“Kids and snow go together.”
The words come from 88-year-old naturalist Martha Webber, as she watches three laughing youngsters plunk themselves in the snow during Sunday’s nature walk at the Carp Ridge Learning Centre.
But adults and snow go together, too, as this walk through the woods for more than a dozen people included several adults.
The walk lasted only 45 minutes, but that’s only because the first hour was spent bottling water in film canisters and then in different fabrics (to determine their insulation factor) and building an igloo-like structure known as a quinzee snow shelter.
Youngsters and adults dug into the pile of snow, left by the snow plow, to create their own refuge from the elements.
The answer to the bottled water experiment came at the end of the walk, when it was shown that wool was vastly superior to denim (aka cotton) and a reminder that people need to dress in the right material when outdoors.
While explaining the purpose of the experiment, six-old Sacha Hess asked, to smiles from adults in the group, “Is that science?”
The cost of the walk is $3 per person, or $10 per family of four or fewer, but it’s worth every penny, said Carp residents Anne Bonidan and Marc Lucas who came out with their daughters Claire and Madeline.
“We come out often,” said dad. “We’ve been out snowshoeing in the area, and we like being around Martha. Our kids like being in natural settings.”
There’s already enough television and computer time in kids’ lives, he added.
“It basically needs to be balanced,” said Lucas, noting how there’s so much evidence of how people’s behaviour improves for the better when engaged in outdoor activities.
This particular walk started with an examination of a large white pine tree and the naturalist’s question of how many needles there are in each cluster. She offers a clue, saying, “How many letters in white?” Of course, the answer was five.
Weber’s used to kids. She has two who have grown up, but it could be argued that she’s even more used to nature. The native of Maine received her master’s degree in botany from the University of New Hampshire about 60 years ago, and later came to Canada after falling in love with a Canadian.
Years later, her fascination with the outdoors remains intact.
“I’ve been a naturalist all my life. I was brought up on a farm,” says Webber, whose nature walk included identification of deer tracks, animal droppings and several types of vegetation.
“Deer droppings look like raisins,” says Webber pointing to ones that appear on top of the snow nearby. “Rabbit droppings are flat and one at a time.”
She then points to the deer tracks and says, “He’s not far away because that’s a deep track.”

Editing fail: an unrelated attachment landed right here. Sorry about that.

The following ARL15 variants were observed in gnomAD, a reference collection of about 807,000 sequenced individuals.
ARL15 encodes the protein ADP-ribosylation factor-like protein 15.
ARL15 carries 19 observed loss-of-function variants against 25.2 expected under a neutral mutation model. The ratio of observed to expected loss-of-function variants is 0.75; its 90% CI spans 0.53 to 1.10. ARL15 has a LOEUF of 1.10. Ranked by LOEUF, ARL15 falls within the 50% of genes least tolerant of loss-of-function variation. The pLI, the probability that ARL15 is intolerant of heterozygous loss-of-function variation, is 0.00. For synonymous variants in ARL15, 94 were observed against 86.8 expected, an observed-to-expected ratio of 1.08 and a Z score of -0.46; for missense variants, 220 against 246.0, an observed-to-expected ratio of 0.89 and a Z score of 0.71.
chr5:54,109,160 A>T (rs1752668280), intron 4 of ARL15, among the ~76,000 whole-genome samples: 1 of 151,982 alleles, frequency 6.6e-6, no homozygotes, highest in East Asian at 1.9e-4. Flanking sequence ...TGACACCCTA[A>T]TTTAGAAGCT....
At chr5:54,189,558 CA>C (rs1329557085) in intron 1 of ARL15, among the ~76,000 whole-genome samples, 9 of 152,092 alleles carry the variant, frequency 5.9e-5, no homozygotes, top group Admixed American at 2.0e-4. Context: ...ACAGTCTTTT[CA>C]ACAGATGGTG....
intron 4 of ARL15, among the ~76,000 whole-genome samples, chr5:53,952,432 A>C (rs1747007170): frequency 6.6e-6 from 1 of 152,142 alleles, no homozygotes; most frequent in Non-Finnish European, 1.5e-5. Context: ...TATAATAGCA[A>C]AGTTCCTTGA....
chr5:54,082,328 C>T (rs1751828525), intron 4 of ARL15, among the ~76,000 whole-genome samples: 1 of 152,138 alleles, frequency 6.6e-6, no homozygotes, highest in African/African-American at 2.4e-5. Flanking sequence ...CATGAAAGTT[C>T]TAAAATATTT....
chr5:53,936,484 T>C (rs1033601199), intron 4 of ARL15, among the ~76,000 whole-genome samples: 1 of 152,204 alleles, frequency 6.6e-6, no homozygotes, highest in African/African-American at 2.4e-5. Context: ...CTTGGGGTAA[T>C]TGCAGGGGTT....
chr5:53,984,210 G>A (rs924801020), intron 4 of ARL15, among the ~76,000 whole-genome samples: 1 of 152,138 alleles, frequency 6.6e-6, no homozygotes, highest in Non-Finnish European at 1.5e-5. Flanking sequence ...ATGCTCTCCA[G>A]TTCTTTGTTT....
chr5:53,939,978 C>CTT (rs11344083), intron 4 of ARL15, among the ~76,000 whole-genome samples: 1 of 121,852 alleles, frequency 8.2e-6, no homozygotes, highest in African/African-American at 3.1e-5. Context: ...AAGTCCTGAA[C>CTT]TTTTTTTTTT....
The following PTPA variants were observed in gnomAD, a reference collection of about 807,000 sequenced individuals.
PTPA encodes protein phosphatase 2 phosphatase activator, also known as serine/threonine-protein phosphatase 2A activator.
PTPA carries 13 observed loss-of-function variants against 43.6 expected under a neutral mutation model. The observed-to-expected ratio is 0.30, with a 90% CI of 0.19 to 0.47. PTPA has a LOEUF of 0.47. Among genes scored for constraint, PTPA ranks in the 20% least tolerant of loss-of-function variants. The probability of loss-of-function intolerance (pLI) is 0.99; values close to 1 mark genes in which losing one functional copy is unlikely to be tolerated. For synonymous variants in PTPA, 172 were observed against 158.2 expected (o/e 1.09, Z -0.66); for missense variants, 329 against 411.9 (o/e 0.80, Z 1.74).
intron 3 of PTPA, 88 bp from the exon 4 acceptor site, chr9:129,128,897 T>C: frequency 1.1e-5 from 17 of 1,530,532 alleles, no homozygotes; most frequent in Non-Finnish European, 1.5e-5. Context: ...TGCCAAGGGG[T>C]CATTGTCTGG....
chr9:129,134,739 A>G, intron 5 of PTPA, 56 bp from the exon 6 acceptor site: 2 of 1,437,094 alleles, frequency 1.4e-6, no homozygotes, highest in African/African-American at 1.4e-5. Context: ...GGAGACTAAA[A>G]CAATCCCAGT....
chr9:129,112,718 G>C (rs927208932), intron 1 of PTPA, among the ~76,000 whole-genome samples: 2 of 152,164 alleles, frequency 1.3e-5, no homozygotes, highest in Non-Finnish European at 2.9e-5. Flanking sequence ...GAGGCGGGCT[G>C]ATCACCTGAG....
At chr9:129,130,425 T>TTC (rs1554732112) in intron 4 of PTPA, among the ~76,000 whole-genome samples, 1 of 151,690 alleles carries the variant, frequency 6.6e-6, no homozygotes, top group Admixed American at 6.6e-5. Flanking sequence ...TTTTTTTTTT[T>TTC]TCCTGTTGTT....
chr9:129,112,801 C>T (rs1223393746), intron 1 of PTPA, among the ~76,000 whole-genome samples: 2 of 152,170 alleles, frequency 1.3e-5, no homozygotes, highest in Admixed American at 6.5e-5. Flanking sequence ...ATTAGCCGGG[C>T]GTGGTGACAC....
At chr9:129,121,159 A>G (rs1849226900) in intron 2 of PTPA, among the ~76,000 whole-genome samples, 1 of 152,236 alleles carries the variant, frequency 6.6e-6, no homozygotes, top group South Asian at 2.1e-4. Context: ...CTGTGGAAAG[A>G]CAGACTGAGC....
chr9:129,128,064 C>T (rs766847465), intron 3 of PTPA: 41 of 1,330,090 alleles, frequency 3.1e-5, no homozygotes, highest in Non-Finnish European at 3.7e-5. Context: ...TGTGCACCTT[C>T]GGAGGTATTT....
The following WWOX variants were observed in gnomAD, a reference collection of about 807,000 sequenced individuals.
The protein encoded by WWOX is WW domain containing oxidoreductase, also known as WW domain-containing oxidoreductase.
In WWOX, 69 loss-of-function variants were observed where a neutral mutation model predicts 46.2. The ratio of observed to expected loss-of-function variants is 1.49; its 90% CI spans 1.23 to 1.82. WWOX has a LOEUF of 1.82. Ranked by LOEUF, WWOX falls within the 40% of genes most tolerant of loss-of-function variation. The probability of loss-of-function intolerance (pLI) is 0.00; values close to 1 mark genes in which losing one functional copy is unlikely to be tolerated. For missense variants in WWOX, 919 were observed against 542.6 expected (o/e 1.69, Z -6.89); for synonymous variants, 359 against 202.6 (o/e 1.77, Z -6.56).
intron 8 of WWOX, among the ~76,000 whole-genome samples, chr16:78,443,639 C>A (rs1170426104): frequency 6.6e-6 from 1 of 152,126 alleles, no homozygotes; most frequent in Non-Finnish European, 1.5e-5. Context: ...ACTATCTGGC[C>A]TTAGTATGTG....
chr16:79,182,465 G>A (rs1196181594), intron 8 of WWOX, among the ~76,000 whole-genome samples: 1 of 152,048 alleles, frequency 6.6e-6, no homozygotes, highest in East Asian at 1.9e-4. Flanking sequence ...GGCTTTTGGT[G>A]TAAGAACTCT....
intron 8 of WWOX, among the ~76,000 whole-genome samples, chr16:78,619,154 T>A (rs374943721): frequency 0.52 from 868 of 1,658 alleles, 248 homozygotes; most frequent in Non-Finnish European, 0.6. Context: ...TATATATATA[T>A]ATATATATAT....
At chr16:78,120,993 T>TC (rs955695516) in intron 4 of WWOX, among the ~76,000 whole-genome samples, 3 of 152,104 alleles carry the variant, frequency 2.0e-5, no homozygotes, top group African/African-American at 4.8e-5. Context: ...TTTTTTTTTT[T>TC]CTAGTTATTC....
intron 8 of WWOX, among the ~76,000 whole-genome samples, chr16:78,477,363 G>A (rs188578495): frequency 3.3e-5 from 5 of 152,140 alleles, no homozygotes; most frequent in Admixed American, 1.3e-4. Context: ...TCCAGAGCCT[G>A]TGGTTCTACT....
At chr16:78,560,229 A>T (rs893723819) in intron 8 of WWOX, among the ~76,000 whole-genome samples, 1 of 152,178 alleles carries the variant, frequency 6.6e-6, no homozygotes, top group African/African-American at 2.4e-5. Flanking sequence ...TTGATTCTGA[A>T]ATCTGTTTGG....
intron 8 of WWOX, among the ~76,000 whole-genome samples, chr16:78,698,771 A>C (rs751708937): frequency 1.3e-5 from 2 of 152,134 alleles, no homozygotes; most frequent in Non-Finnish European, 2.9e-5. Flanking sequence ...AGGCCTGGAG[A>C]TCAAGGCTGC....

She also holds up a deer foot brought along for the walk. The foot came from a deer that was killed on the road, she says.
Vegetation visited during the walk included a sugar maple. Weber identified the maple as one of two trees whose opposite branches appear on every stem. The other is ash.
Then she comes to a speckled alder plant, where she tells the group that one can use a knife to peel back the bark and use scrapings to clean one’s teeth.
“It tastes bad,” concludes one youngster after a brief taste-test.
During the walk, student Johvi Leeck of Almonte shares some silver birch buds while equating the taste with that of commercial root beer.
Following the walk, Weber offers boiled tea made from pine needles and linden flowers. The latter are abundant in Ottawa parks, says Webber, largely because they provide such good shade.
Those relaxing indoors after Sunday’s walk included Ottawa residents Detlef Hess and Nancy Elias, their children Annika and Sacha, and one of their daughter’s cross-country ski friends.
“It was wonderful, the combination of being outdoors, hearing interpretations, and the tips and tidbits,” says mom. “It was great. Martha’s very knowledgeable.”
In the same room, Marc Lucas picks up a copy of Paul Rezendes’s book, Tracking & the Art of Seeing. He scrutinizes the book’s illustrations of different wildlife tracks.
Meanwhile, Weber wraps up the day by asking no one in particular what three things are best taken into the wild, in case one is injured or lost.
Her answer is an orange garbage bag, a whistle and a kerchief (or large handkerchief). The bag is visible and can serve as a great insulator. Three blasts of the whistle are an excellent way to identify one’s location and to say, “I need help.” And the kerchief can serve as a head cover or as a rope to tie things together.
Whatever Sunday it is, Webber says she hopes the walks are fun and heighten awareness of our surroundings, especially for children.
“I want them to be aware of what’s out there,” says Weber, who recently received the Dorothy Walter Award for Leadership from the Council of Outdoor Educators of Ontario. The award was for developing leadership qualities in Ontario youth through outdoor education.
To learn more about the Carp Ridge Learning Centre’s nature walks and other activities, visit www.carpridgelearningcentre.ca or call 613-839-1179. The walks normally happen the first Sunday of the month.